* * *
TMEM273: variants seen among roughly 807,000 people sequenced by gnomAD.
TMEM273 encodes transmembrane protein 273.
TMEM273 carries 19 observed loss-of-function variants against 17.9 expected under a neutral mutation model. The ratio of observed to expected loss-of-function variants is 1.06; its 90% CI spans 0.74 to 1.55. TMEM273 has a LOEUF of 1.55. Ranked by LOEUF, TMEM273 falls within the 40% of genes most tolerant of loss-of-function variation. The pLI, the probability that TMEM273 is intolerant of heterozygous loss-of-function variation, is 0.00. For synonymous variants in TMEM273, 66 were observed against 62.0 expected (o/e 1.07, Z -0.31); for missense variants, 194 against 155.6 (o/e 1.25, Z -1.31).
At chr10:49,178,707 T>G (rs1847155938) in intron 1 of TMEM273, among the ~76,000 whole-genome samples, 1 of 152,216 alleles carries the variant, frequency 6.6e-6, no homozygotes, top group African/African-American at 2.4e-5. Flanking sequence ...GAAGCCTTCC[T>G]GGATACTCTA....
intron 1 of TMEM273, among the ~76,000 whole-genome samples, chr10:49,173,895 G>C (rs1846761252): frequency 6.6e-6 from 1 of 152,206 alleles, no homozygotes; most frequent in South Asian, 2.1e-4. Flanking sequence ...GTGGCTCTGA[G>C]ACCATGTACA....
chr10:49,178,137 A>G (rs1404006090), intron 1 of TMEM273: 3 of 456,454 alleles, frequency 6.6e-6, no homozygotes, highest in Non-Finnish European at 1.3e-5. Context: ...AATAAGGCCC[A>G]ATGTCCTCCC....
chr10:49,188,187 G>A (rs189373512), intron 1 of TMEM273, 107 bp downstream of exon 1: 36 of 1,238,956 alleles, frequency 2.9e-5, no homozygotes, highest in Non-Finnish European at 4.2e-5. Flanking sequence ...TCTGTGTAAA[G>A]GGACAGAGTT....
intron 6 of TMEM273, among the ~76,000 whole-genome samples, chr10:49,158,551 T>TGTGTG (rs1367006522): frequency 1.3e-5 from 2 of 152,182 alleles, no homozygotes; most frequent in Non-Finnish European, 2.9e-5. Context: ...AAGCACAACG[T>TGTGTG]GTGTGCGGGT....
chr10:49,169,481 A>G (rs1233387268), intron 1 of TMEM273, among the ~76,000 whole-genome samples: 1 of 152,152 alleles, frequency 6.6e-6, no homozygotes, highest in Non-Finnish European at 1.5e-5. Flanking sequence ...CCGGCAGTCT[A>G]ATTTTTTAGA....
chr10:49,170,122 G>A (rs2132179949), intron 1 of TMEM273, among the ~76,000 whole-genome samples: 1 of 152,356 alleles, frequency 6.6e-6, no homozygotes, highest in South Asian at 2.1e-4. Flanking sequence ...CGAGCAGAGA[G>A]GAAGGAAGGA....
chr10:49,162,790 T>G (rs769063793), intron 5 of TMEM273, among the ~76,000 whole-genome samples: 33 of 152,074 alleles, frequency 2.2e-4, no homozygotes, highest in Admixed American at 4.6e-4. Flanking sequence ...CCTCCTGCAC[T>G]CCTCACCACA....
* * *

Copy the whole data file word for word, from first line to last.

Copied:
TMEM273: variants seen among roughly 807,000 people sequenced by gnomAD.
TMEM273 encodes transmembrane protein 273.
TMEM273 carries 19 observed loss-of-function variants against 17.9 expected under a neutral mutation model. The ratio of observed to expected loss-of-function variants is 1.06; its 90% CI spans 0.74 to 1.55. TMEM273 has a LOEUF of 1.55. Ranked by LOEUF, TMEM273 falls within the 40% of genes most tolerant of loss-of-function variation. The pLI, the probability that TMEM273 is intolerant of heterozygous loss-of-function variation, is 0.00. For synonymous variants in TMEM273, 66 were observed against 62.0 expected (o/e 1.07, Z -0.31); for missense variants, 194 against 155.6 (o/e 1.25, Z -1.31).
At chr10:49,178,707 T>G (rs1847155938) in intron 1 of TMEM273, among the ~76,000 whole-genome samples, 1 of 152,216 alleles carries the variant, frequency 6.6e-6, no homozygotes, top group African/African-American at 2.4e-5. Flanking sequence ...GAAGCCTTCC[T>G]GGATACTCTA....
intron 1 of TMEM273, among the ~76,000 whole-genome samples, chr10:49,173,895 G>C (rs1846761252): frequency 6.6e-6 from 1 of 152,206 alleles, no homozygotes; most frequent in South Asian, 2.1e-4. Flanking sequence ...GTGGCTCTGA[G>C]ACCATGTACA....
chr10:49,178,137 A>G (rs1404006090), intron 1 of TMEM273: 3 of 456,454 alleles, frequency 6.6e-6, no homozygotes, highest in Non-Finnish European at 1.3e-5. Context: ...AATAAGGCCC[A>G]ATGTCCTCCC....
chr10:49,188,187 G>A (rs189373512), intron 1 of TMEM273, 107 bp downstream of exon 1: 36 of 1,238,956 alleles, frequency 2.9e-5, no homozygotes, highest in Non-Finnish European at 4.2e-5. Flanking sequence ...TCTGTGTAAA[G>A]GGACAGAGTT....
intron 6 of TMEM273, among the ~76,000 whole-genome samples, chr10:49,158,551 T>TGTGTG (rs1367006522): frequency 1.3e-5 from 2 of 152,182 alleles, no homozygotes; most frequent in Non-Finnish European, 2.9e-5. Context: ...AAGCACAACG[T>TGTGTG]GTGTGCGGGT....
chr10:49,169,481 A>G (rs1233387268), intron 1 of TMEM273, among the ~76,000 whole-genome samples: 1 of 152,152 alleles, frequency 6.6e-6, no homozygotes, highest in Non-Finnish European at 1.5e-5. Flanking sequence ...CCGGCAGTCT[A>G]ATTTTTTAGA....
chr10:49,170,122 G>A (rs2132179949), intron 1 of TMEM273, among the ~76,000 whole-genome samples: 1 of 152,356 alleles, frequency 6.6e-6, no homozygotes, highest in South Asian at 2.1e-4. Flanking sequence ...CGAGCAGAGA[G>A]GAAGGAAGGA....
chr10:49,162,790 T>G (rs769063793), intron 5 of TMEM273, among the ~76,000 whole-genome samples: 33 of 152,074 alleles, frequency 2.2e-4, no homozygotes, highest in Admixed American at 4.6e-4. Flanking sequence ...CCTCCTGCAC[T>G]CCTCACCACA....